Akamai Edge 2014 continues today with the second day of Akamai University and API Boot camp. To coincide with this, I’m running three security lessons that are part of an upcoming video series. This is the final installment, and was written by Meg Grady-Troia.
SSL Certificate Security and Trust
The Internet is built on a foundation of trust, from machine to machine, extended across the entire surface of the globe. Trust is shared across the Internet in many ways, the SSL certificate hierarchy is only one, albeit a pervasive one. The SSL certificate system was designed so that trusted parties can have private communications over the public Internet. SSL certificates are a critical piece of the Internet’s trust architecture, and many protocols exist to support secure certificate handling.
What is a Certificate?
A certificate is the container for four pieces of information your web browser (or operating system) needs to make a secure connection to the server hosting the website you wish to visit.
Those four pieces are:
1. An “Issued To:” field that specifies the full name and address of the entity that owns the domain you’re visiting (including the IP address & domain name you’re visiting, and the brick & mortar contact for the owning entity).
2. A validity period: The time period (start date and end date) for which that certificate should be considered valid.
3. An “Issued From:” field that contains the signature of a Certificate Authority, that acts like a notary public would on a legal document: a third party witness.
4. A public key: The shareable half of the keypair that will be used by the server to initiate the encryption of data that flows between the website and your browser.
Your browser-client uses the “issued to” data to check that it has connected to the domain it expected. It uses the certificate authority and expiry to verify that it trusts the domain. It uses the public key from the certificate to continue the SSL handshake that will allow all further communication between you and the website to be encrypted.
How do Certificates Work?
Think of SSL certificates as the Internet-equivalent of the diploma granted to a student when they graduate from a school: it may hold value with people who know the recipient but not the school, and it may hold value with people who know the reputation of the school, but not the recipient. The value of the diploma is not a trust currency itself, simply an indication of an existing authenticated relationship.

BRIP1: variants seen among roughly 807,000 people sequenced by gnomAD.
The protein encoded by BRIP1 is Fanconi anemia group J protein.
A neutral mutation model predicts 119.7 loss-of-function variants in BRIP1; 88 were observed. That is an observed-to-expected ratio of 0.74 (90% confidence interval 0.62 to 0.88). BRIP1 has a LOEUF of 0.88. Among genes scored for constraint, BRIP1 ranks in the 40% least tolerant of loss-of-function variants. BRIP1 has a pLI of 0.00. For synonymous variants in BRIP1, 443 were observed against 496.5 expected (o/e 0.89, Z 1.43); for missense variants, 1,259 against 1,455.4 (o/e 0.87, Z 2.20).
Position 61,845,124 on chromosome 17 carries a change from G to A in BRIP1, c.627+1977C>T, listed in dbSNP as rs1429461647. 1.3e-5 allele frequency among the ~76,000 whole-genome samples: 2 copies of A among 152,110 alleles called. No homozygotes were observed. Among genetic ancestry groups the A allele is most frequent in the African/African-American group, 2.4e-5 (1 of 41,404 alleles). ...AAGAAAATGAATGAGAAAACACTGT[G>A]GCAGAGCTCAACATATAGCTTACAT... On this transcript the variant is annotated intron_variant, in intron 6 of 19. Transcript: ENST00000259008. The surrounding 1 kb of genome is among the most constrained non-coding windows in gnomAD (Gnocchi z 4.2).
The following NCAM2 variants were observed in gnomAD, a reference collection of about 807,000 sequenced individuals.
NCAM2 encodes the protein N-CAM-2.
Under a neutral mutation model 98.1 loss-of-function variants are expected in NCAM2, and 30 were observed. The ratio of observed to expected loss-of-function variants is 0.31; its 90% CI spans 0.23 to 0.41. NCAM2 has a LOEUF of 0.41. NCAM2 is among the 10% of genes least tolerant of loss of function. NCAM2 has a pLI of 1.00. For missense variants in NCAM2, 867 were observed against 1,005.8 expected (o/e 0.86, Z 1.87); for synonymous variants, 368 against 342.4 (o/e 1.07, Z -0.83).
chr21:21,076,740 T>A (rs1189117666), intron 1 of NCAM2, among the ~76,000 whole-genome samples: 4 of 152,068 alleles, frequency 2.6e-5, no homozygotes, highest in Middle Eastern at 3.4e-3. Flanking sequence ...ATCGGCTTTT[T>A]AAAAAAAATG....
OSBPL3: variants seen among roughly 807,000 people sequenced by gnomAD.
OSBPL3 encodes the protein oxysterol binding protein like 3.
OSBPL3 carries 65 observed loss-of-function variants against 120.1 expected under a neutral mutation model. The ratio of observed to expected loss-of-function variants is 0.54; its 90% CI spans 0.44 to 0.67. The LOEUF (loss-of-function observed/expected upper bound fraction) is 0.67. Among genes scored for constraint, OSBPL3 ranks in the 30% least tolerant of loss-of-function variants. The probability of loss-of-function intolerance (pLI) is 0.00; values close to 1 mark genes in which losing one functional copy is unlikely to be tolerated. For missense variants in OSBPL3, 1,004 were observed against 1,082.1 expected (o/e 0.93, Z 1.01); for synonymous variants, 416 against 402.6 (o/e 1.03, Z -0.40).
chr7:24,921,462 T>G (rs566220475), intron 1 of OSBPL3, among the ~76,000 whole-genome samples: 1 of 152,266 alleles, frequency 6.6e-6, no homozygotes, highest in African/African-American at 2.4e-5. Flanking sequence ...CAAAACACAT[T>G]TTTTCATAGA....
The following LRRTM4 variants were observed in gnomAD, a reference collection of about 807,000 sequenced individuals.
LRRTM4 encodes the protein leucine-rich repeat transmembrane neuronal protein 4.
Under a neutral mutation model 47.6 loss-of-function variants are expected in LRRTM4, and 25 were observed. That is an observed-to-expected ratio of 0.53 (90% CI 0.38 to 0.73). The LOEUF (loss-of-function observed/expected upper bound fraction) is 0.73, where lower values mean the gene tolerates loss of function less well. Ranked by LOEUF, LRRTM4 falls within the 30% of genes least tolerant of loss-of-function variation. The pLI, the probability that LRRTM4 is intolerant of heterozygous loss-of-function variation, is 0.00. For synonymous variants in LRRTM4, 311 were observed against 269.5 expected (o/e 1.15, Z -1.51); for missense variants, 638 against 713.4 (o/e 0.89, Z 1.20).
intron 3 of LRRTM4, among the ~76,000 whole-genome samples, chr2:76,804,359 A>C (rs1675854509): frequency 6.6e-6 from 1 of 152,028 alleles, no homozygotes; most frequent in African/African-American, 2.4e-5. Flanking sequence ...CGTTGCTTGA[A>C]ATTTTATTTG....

There are a lot of certificate authorities in the world, and they may be operated by governments, companies, or even individuals (and they range in credibility just like colleges, from diploma mills to prestigious institutions) . This is possible because CAs are initially self-signing: they simply appoint themselves as trustworthy third parties. The value of a CA’s imprimatur depends on its reputation — both past behavior with other certificates, and its relationships with certificate holders and web browser developers — which is how their signatures gain value.
A single web domain — say, www.akamai.com — may have any number of certificates associated with it, and there are many kinds of special certificates online to account for specific use cases.
Some of the most common are:
Multi-Domain (including Subject Alternative Names (SAN) & Wildcard) Certificates: These certificates cover multiple hostnames, subdomains, or IP addresses, and allow end-users like you to be redirected to the same application from multiple hostnames.
Validated (including Extended Validation (EV), Organization Validation (OV), and Domain Validation (DV)) Certificates: These certificates require the signing CA to perform some additional identity validation after their standard process, either for an individual, an organization, or a domain. EV Certificates do not offer additional security for your particular session on a website, but they are often considered to be of higher trustworthiness.
When you initiate a private exchange with a web application — for example, your bank’s portal so that you can check your latest statement — your browser-client will request an encrypted session and the server you’re connecting to will respond by presenting its certificate back to your browser to authenticate itself & initialize the negotiations required during the SSL handshake. Your web browser compares that certificate to its certificate store — a list of CAs that the developers of your web browser considered trustworthy — to make sure that the certificate is both signed by a trusted CA and still valid.
Certificates have a longer shelf life than a carton of milk, but because the Internet is a dynamic place, the stated period of validity on a Certificate may end up being a longer period than the certified entity wishes to continue to use it. Certificates can easily become erroneous or compromised for any number of reasons, including when an entity’s contact information changes, or after a successful attack against that entity. You wouldn’t want your front door’s lock to open to both the key from the old lock that was compromised and the key from the new lock, right?